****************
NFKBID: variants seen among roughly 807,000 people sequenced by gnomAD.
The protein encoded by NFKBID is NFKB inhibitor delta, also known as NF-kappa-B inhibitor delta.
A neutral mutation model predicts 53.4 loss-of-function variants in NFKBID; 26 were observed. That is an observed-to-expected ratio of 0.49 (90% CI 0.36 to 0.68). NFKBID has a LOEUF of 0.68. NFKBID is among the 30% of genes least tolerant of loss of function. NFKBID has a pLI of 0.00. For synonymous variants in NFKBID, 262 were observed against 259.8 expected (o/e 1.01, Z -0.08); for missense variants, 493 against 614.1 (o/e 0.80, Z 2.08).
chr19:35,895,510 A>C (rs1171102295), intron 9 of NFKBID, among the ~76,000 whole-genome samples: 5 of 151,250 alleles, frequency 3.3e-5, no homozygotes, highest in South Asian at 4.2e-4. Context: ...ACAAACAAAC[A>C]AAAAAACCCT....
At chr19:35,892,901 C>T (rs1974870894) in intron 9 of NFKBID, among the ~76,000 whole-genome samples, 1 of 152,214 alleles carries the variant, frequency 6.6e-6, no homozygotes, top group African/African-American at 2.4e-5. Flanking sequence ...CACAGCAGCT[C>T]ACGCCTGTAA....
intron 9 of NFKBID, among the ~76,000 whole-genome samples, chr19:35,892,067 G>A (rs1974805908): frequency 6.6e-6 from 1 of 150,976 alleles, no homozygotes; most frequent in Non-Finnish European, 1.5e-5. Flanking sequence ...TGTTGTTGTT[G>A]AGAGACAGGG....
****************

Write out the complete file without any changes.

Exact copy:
NFKBID: variants seen among roughly 807,000 people sequenced by gnomAD.
The protein encoded by NFKBID is NFKB inhibitor delta, also known as NF-kappa-B inhibitor delta.
A neutral mutation model predicts 53.4 loss-of-function variants in NFKBID; 26 were observed. That is an observed-to-expected ratio of 0.49 (90% CI 0.36 to 0.68). NFKBID has a LOEUF of 0.68. NFKBID is among the 30% of genes least tolerant of loss of function. NFKBID has a pLI of 0.00. For synonymous variants in NFKBID, 262 were observed against 259.8 expected (o/e 1.01, Z -0.08); for missense variants, 493 against 614.1 (o/e 0.80, Z 2.08).
chr19:35,895,510 A>C (rs1171102295), intron 9 of NFKBID, among the ~76,000 whole-genome samples: 5 of 151,250 alleles, frequency 3.3e-5, no homozygotes, highest in South Asian at 4.2e-4. Context: ...ACAAACAAAC[A>C]AAAAAACCCT....
At chr19:35,892,901 C>T (rs1974870894) in intron 9 of NFKBID, among the ~76,000 whole-genome samples, 1 of 152,214 alleles carries the variant, frequency 6.6e-6, no homozygotes, top group African/African-American at 2.4e-5. Flanking sequence ...CACAGCAGCT[C>T]ACGCCTGTAA....
intron 9 of NFKBID, among the ~76,000 whole-genome samples, chr19:35,892,067 G>A (rs1974805908): frequency 6.6e-6 from 1 of 150,976 alleles, no homozygotes; most frequent in Non-Finnish European, 1.5e-5. Flanking sequence ...TGTTGTTGTT[G>A]AGAGACAGGG....